Critical caring medicine is used to provide life or organ support to patients who are critically ill or injured and require special monitoring. These patients normally suffer from respiratory or airway compromise, renal failure blood instability, or the effects of many organs failing. Patients who have not been stabilized to the point where they do not require intensive monitoring after a major are also given critical care.
This idea of critical caring has been developed as a crucial area of caring for a patient as medical technology and medicine advances. The critical care units first came after world war two to care for patients that required close monitoring and care. In those days, the patients that were most in need of care were located closest to the nursing station while the others were located further away. As a result, the patients were rotated constantly dependent on the need and the availability of beds.
Critical care nurses deal with the response of humans to life threatening traumas. To become a critical care nurse all that is required is for you to be a registered nurse (RN) and trained, obtaining a critical nursing certification is not a must. However, majority of the employers prefer nurses who have been certified in the field, as these nurses would have the skill and knowledge required for the job. To become certified a nurse must provide care for patients who are critically ill for at least 2 years and then they take the exam.
A critical care nurse is required to work under the nursing supervisor and care for the patients to which he or she has been assigned to. The tasks involves performing treatments, dispensing all medications and maintaining accurate and complete records for each patient. This nurse should be able to identify when a patient in critical care is experiencing complications, and be able to operate the different equipments in the critical care unit. This nurse is also required to help the doctors carry out procedures and treatments which is inclusive of sterile treatments.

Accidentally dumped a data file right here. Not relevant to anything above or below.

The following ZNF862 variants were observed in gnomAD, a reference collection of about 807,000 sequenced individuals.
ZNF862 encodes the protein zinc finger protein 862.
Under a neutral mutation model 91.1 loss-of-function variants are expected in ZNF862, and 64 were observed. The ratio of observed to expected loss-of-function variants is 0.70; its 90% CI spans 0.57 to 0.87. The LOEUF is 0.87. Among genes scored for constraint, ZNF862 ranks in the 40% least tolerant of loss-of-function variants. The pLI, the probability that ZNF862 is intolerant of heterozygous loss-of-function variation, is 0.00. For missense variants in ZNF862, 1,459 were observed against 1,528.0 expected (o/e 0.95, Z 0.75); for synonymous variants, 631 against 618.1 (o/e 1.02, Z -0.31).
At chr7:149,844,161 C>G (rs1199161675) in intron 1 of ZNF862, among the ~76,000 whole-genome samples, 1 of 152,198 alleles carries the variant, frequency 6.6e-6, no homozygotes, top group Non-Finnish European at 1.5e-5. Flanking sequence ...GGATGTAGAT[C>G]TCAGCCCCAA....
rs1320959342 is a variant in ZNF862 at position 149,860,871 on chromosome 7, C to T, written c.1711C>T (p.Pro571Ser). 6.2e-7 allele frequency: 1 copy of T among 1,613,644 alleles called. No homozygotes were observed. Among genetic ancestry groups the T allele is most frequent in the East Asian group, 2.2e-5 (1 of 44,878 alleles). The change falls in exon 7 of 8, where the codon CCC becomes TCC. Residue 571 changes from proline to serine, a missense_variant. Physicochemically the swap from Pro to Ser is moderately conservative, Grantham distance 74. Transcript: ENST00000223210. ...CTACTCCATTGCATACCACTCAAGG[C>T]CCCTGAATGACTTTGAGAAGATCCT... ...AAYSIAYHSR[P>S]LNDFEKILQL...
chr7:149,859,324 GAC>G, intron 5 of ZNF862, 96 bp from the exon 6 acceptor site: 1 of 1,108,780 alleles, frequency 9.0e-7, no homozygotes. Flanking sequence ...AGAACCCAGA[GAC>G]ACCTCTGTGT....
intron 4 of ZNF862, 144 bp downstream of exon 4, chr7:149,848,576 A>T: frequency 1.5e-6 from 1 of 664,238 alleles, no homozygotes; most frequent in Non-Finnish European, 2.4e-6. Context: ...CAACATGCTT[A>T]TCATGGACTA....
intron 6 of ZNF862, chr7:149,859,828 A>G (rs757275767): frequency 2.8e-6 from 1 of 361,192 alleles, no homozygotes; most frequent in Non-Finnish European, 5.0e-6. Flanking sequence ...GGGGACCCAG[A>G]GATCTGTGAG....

It is recommended that each critical nurse be assigned 2 patients at most, however this may not be what happens in some hospitals depending on their staffing number. Hospitals in the United States can have up to 24% of the beds that are available for critical care patients. In this unit special and comprehensive care is provided 24/7. The rooms are built with glass walls to facilitate the constant supervision of the patients. In most cases the unit may have specified visiting time, with the visitors being restricted to family members only, so as to allow the staff to work at their optimum level without the influences from outside, compromising the care given.
Critical care doctors treat conditions that are threatening a patient's life, organ or limb. This area is a medical specialty because it is necessary to provide instantaneous diagnosis along with managing urgent aspects of the patient's injury or illness. Doctors in the unit must have a wide field of knowledge inclusive of trauma management, surgical skills, airway and cardiac life-support. The medicines used in critical care, include both general medicines and specialized medicines which are used to diagnose conditions and stabilize the patient.